“No one has indulgence of not appearing for questioning and not answering prosecutors’ questions, if these [questions] are legitimate. I hope that prosecutor’s office will carry out this process completely transparently and no one will have extra questions about selective justice,” GD MP Victor Dolidze, chairman of the parliamentary committee for European integration, said. “No one is above the law. No one has the right to avoid answering questions if there are any whether it is president or any other official – incumbent or former.”

“This statement is perceived by us as a feedback, advice from our partner and friend, the United States. We agree, as [the statement] mentions, that the rule of law should be observed and that no one is above the law,” Deputy Foreign Minister Davit Jalagania said.

He said that “from outside” the high number of criminal cases over which prosecutors seek to question Saakashvili “may really look as intense and striking, but as you are aware there is a high interest in the public and if legitimate questions exist in frames of these ongoing investigations, no matter who might be involved, perhaps answers should be given.”

“Certainly it should happen in line with rule of law, transparently; the authorities have never had problems in this respect with our partners; this dialogue is carried out on the permanent basis and I am sure that our colleagues and partners will be informed and gradually these questions will not be left unanswered,” Jalagania said.

In an interview with the Georgian daily, Kviris Palitra, recorded after prosecutor’s office summoned Saakashvili and before the U.S. Department of State released its statement, PM Irakli Garibashvili said that he’s “not afraid” of “speculation and questions” that the decision of prosecutor’s office may trigger.

“If investigation has questions to the President, Prime Minister, or any other high-ranking official, they should answer comprehensively to these questions. I do not see anything unusual about it,” Garibashvili said.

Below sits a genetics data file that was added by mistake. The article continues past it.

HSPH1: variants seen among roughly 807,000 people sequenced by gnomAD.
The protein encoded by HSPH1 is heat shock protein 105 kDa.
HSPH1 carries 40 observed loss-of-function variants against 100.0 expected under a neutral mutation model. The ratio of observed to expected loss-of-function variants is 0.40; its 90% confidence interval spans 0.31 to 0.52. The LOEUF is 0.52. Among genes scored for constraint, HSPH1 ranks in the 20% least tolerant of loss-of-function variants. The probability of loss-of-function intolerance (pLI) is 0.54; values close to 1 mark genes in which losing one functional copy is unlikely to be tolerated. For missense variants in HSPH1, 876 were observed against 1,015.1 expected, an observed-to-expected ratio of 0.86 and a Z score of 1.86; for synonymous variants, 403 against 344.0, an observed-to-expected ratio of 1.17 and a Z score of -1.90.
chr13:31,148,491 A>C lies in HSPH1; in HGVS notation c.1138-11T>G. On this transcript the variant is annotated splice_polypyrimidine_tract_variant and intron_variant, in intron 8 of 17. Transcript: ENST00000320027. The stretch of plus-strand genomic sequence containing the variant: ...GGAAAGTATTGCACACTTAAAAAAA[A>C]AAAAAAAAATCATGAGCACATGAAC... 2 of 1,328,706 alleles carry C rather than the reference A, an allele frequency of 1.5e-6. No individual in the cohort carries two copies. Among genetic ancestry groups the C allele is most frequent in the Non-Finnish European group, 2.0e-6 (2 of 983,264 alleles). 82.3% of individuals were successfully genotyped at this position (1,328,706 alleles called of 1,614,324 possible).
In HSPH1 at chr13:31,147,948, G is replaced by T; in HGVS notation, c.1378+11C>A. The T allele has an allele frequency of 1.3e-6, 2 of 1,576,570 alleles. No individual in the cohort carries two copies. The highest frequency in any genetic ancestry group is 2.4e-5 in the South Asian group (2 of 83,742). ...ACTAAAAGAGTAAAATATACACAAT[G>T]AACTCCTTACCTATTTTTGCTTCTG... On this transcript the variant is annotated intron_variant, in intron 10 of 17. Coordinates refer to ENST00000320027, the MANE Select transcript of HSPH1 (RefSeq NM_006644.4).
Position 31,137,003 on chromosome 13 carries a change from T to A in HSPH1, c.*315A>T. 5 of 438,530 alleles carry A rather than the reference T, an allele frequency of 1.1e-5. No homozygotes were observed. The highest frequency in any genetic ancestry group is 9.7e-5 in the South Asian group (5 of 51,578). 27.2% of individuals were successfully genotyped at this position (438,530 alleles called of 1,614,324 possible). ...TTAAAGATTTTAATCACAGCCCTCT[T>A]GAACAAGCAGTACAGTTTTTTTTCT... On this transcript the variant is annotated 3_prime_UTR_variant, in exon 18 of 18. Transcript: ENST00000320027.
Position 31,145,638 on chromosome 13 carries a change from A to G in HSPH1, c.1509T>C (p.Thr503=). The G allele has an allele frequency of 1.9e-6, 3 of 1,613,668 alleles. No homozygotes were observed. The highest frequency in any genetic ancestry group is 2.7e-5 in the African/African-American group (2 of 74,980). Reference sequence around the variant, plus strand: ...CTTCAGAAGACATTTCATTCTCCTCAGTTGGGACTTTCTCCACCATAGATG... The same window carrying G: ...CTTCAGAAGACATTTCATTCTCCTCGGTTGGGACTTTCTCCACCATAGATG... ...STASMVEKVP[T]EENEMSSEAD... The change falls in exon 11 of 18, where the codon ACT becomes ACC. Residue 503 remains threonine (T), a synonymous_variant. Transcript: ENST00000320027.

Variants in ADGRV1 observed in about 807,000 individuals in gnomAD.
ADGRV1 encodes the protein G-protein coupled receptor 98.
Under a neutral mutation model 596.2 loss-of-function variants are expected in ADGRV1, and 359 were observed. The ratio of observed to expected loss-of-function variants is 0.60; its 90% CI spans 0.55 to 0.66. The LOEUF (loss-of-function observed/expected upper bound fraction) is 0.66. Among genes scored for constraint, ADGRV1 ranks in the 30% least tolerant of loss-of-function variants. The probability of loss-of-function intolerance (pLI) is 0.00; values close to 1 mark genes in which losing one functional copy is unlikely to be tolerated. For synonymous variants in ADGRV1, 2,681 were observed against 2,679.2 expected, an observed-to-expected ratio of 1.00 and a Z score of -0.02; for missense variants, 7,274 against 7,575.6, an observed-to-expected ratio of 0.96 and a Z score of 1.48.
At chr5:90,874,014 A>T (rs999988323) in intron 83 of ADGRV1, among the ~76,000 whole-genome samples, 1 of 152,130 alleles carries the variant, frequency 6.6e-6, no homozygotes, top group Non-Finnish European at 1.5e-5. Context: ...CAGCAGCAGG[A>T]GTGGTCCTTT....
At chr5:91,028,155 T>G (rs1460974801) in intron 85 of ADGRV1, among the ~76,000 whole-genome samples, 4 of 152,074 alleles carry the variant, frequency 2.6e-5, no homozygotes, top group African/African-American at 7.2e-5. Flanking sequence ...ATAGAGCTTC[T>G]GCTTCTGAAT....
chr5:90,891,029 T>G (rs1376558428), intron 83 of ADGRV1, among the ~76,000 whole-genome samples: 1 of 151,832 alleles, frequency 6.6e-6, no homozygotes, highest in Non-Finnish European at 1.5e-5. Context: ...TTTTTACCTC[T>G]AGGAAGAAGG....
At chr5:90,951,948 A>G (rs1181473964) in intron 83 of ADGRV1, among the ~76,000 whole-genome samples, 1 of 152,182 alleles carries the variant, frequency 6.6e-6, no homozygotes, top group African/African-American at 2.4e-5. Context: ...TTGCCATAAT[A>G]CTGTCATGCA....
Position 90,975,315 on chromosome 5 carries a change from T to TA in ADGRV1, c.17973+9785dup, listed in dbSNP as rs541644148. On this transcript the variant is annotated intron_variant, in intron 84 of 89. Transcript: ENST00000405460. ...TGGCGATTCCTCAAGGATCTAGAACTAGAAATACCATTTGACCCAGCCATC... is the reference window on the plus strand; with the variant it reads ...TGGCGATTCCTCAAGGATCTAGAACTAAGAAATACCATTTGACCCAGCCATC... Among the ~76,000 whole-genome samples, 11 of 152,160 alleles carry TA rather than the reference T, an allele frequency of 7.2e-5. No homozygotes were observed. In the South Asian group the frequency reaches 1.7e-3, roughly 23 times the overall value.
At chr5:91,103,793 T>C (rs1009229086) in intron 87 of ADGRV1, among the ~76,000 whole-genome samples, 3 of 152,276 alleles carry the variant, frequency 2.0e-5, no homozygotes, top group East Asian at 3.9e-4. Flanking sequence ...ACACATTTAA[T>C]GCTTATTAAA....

“Of course Saakashvili will maximally try to use lobbyist companies and create misperception in the United States and Europe as if he is summoned for questioning in connection to politically motivated cases. But strong truth is on our side and we are not afraid of any question. I will be attending the nuclear summit [in The Hague] on March 24, where the world leaders and media will be present too, so if I am asked I will personally respond in order to put an end to interpretations that may come from Saakashvili and his lobbyist companies. We are not afraid of that,” the PM said.

“Saakashvili is obliged to arrive, because he was the president of this country for nine years and prosecutor’s office has questions towards him in connection to multiple grave cases. If Saakashvili does not arrive, prosecutor’s office will act in accordance to the law, he will be declared wanted,” Garibashvili said.

“Saakashvili is a key witness and many things were happening with blessing and signature exactly from him. If Saakashvili does not arrive he will put himself in a difficult situation and it will trigger even more questions,” Garibashvili said.

Saakashvili said his summoning by Georgian prosecutors for questioning is part of “Ivanishvili-Putin game” and he’s not going to make “Putin’s dreams come true” by arriving in Tbilisi for interrogation.